Liturgy of Consumption or Why the Mall Kills Your Soul…


Does a trip to the mall for a few hours of shopping have the same affect as a trip to church for a few hours on Sunday morning? Surely not, right? One is just a collection of stores conveniently arranged with a totally secular purpose of selling things. The other is a religious place, where you go to worship, and think about God.

I’ve been reading this book by James K. A. Smith and I think his answer to the question I’ve posed above is pretty insightful… so I wanted to share! In it, Smith teases out a set of liturgies inherent in our well known cultural institutions – like the mall. You may be familiar with that term – liturgy – or you may not. It is used in a lot ways with various depths of meaning: some use it as a fancy way of saying “the order of worship” and others give it a much richer meaning that encompasses pretty much all of life. For Smith, liturgy is a practiced ritual that aims to both reflect and define what matters the most in our lives; it reveals what we care about and it also shapes and transforms those things.
One of the main points of his book is to “raise the stakes” on our everyday secular practices (like going to the mall) and show us how these “secular” practices shape the aim of our hearts – our desires – in the same way as a worship service. There are no “neutral” practices: everything we do shapes us whether we know it or not. Even more, these practices contain a certain vision of the good life that we are drawn towards as we participate in them. As Christians, our aim, our goal, our ultimate desire should be defined by Matthew 6:33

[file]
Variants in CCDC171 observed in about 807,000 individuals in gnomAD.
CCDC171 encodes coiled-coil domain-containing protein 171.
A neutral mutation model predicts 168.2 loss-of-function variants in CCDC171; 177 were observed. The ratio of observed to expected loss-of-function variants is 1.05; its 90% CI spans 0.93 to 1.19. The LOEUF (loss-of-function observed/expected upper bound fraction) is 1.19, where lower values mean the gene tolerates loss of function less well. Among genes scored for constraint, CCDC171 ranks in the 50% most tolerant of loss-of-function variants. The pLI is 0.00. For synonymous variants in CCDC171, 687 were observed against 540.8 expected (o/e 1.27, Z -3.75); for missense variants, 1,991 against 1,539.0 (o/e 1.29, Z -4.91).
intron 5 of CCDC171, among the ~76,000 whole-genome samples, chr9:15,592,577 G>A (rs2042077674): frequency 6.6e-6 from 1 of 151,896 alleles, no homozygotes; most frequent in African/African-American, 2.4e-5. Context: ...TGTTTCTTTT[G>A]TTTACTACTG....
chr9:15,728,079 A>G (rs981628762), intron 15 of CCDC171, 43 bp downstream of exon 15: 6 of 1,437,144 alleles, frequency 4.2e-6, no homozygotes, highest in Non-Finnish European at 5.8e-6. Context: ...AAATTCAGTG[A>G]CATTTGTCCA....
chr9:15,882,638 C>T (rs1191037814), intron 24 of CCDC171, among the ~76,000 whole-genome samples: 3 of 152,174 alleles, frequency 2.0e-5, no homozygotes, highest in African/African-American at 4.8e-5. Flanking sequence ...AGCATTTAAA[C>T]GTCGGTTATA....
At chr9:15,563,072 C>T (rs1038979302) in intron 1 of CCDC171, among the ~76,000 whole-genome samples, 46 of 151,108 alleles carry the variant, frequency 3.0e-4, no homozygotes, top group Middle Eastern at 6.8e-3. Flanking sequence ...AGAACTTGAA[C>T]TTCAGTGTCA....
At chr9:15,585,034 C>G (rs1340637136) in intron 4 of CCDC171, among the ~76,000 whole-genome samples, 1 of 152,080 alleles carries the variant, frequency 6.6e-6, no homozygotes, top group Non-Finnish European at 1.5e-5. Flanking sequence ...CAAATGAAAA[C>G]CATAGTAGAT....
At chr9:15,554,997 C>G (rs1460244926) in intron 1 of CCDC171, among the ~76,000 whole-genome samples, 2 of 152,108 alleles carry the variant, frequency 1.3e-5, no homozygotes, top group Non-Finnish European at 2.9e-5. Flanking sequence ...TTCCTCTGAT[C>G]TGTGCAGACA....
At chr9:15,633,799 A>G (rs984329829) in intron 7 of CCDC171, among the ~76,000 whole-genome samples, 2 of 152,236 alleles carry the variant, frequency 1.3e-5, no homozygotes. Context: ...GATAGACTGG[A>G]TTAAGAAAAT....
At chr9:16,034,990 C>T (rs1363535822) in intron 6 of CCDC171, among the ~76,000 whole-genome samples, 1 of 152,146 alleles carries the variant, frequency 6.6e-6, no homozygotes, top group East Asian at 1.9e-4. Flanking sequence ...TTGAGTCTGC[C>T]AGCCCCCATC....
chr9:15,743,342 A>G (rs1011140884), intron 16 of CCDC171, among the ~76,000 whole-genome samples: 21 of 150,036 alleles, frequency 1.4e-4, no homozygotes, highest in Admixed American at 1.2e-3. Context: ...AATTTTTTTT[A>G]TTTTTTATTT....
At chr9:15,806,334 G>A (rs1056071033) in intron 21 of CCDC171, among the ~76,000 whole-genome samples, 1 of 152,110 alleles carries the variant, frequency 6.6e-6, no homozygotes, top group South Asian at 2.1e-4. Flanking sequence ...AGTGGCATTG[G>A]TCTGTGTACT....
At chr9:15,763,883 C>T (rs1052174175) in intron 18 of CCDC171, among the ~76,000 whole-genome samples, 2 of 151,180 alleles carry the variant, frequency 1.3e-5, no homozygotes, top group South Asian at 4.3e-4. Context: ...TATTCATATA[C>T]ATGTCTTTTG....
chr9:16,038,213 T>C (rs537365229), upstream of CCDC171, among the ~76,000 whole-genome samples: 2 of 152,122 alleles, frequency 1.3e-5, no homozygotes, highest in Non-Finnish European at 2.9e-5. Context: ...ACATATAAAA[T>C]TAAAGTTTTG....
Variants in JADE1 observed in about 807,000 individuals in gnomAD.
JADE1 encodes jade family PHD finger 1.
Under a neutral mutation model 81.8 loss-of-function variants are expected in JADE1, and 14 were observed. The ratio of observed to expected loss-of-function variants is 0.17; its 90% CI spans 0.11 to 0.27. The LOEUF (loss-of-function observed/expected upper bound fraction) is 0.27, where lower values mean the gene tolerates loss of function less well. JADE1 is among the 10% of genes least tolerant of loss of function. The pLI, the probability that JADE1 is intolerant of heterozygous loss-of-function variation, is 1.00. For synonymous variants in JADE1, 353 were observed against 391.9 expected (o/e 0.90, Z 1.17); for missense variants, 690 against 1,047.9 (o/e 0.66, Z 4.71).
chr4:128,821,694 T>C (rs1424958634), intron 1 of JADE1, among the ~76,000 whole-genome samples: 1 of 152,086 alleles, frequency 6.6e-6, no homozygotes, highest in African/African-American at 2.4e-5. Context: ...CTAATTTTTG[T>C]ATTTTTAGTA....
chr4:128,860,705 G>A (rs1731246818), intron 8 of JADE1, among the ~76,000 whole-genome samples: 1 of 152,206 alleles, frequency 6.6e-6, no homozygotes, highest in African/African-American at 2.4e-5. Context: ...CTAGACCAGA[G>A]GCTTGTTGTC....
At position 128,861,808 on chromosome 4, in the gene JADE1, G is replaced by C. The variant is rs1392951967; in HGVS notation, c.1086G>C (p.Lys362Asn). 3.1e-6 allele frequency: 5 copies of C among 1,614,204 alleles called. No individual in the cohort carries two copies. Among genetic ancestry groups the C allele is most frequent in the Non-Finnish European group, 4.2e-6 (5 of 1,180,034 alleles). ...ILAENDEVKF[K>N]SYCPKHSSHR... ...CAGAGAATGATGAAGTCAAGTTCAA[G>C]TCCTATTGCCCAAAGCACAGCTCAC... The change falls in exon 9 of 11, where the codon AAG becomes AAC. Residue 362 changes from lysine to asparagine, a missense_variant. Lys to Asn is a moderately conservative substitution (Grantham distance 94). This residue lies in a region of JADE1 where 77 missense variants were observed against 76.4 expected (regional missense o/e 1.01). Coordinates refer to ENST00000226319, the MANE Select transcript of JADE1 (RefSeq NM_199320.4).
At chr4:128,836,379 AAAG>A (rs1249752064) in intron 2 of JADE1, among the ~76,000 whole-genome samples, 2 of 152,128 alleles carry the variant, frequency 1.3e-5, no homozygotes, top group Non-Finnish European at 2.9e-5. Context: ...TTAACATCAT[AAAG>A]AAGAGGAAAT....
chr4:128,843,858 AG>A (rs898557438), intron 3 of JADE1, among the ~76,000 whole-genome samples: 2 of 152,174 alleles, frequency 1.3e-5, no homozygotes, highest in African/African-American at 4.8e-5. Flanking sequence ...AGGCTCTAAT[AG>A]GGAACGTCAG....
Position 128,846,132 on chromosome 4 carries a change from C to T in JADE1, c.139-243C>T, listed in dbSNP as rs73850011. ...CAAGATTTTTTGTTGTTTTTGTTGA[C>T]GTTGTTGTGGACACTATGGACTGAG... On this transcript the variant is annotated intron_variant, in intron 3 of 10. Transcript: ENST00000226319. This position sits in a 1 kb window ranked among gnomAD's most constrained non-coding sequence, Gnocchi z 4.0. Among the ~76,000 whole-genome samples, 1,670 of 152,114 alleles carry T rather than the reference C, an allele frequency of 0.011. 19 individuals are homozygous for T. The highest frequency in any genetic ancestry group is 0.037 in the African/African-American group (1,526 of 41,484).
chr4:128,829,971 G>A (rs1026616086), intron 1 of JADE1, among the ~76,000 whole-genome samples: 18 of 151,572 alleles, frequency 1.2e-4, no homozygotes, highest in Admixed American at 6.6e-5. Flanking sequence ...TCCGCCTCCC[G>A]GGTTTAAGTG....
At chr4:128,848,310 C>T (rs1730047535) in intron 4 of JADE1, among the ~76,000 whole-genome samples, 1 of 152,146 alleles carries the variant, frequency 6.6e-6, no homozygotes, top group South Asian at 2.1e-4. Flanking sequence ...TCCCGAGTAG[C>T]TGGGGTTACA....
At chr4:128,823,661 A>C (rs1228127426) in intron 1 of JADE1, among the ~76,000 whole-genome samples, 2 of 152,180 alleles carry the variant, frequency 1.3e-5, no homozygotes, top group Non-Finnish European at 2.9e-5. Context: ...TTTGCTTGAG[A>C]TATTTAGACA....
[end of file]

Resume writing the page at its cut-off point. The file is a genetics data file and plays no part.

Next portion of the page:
Seek first the Kingdom of Heaven.

Now, does a trip to the mall shape our desires such that we are desire the Kingdom of Heaven? As you may have guessed from the title of this post… No. It doesn’t. The question becomes – What exactly does it do to our desires? How does it shape our hearts? What vision of the good life is contained in it? Well, Smith lays out four features of the liturgy of consumption:

  1. I’m broken, therefore I shop. The mall is full of images; happy people in cool clothes with cool stuff and lots of friends. Every time we see those images our brains think: “That’s not me.” Our lives never match the level of joy and fulfillment and success we see in these images. Since we don’t measure up to the ideals, we fell broken – like something is wrong. But alas! There is hope… just shop! Just buy the stuff the people in the pictures have and maybe you’ll feel better… and maybe not. These images play with our very real, and good, desires for friendship and joy and fulfillment in life but the way they offer for us to seek  these desires actually works against us. Everyone knows that no amount of shopping actually fulfills our desires. While telling us that we’re broken, the mall plays off our shame and embarrassment and offers us a counterfeit remedy.
  2. I shop with others. Consumerism is usually linked with individualism, but shopping is usually a social event. However, it is social in a weird, destructive kind of way. Instead of building community, it fosters competition as it teaches us to objectify ourselves and others. When we’re at the mall, we can’t help but notice how other people look. We are constantly looking people over and comparing them with ourselves and with the ideals we see in all the images (see #1). Its all competition. It teaches us to value other people as objects rather  than love them as humans.